It looks to be smooth sailing as Microsoft takes over Nokia's devices and services business.
Before the deal is finalized, Microsoft and Nokia need to clear a few regulatory hurdles, not least dealing with its own shareholders.
commentary The $732 million penalty levied against Microsoft ignores the reality that the world is changing faster than EU regulators -- or any "ballot" -- can keep up.
European authorities levy yet another fine, after Microsoft runs afoul of previous antitrust commitments to provide a browser choice screen.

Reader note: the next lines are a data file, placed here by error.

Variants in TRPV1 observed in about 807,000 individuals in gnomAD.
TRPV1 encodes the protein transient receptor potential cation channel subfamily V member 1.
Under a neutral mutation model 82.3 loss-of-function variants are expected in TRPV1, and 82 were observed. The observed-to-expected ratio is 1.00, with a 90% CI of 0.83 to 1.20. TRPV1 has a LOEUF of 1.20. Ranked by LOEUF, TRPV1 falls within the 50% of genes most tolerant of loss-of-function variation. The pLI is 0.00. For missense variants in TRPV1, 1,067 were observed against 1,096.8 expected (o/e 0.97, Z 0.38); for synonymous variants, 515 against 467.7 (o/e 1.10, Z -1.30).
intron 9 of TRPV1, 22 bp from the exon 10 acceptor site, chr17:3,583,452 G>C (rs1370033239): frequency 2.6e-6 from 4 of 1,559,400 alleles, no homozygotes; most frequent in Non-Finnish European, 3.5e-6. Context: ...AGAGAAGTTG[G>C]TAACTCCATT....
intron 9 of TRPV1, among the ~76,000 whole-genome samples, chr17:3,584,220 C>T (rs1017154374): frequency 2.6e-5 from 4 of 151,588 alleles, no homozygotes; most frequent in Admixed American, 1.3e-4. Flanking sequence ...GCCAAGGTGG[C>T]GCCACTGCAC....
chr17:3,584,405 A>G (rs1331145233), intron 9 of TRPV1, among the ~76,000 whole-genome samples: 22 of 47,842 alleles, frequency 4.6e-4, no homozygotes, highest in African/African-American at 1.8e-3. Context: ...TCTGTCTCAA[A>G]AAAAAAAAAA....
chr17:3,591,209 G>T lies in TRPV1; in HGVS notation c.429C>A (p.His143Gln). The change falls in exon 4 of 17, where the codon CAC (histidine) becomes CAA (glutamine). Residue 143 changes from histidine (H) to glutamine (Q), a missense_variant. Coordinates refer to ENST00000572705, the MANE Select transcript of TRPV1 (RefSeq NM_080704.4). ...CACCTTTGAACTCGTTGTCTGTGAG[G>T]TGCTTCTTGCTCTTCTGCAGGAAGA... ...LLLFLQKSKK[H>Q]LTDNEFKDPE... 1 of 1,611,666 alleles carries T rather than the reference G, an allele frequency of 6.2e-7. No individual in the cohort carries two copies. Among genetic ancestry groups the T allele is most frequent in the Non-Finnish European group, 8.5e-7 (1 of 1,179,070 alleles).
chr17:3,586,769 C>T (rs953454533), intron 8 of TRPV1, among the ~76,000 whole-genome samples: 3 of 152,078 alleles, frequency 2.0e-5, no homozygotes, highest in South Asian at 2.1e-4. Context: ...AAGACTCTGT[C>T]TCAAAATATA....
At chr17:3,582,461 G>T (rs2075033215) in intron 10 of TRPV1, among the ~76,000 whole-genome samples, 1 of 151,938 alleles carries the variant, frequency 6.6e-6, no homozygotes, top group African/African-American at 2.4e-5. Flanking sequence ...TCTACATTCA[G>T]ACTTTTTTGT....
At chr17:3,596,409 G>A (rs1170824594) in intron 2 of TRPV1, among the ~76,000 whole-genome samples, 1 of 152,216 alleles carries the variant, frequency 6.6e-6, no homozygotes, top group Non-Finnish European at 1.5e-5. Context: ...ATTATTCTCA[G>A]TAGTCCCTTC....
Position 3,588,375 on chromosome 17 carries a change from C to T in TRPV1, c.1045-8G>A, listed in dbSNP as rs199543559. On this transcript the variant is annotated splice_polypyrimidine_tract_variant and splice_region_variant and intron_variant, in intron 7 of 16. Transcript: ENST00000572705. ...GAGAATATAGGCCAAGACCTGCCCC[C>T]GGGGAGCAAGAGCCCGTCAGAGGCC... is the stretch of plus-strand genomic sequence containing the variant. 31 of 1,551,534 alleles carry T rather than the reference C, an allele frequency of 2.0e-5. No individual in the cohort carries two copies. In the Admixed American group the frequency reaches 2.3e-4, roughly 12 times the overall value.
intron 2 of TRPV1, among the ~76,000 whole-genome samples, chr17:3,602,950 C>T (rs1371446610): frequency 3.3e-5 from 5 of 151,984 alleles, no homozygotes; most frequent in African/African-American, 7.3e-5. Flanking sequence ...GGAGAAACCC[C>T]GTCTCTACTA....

The European Commission found the software giant lax in offering PC owners a choice of browsers, and has demanded a hefty wodge of wonga.
Fine said to be in store for not allowing European Windows users more browser choice. Microsoft had blamed the incident on a technical glitch.
Regulators may examine whether or not Google uses Android's dominance to unfairly spread the use of its own services over those of competitors.
Regulators say that the acquisition raises no competition concerns because the companies' combined market share is low.
The European Union is reportedly concerned that Google isn't doing enough to hide search results internationally.
European regulators have accused the software giant of failing to uphold commitments it made in 2009 over offering consumers a choice of browser on new Windows PCs.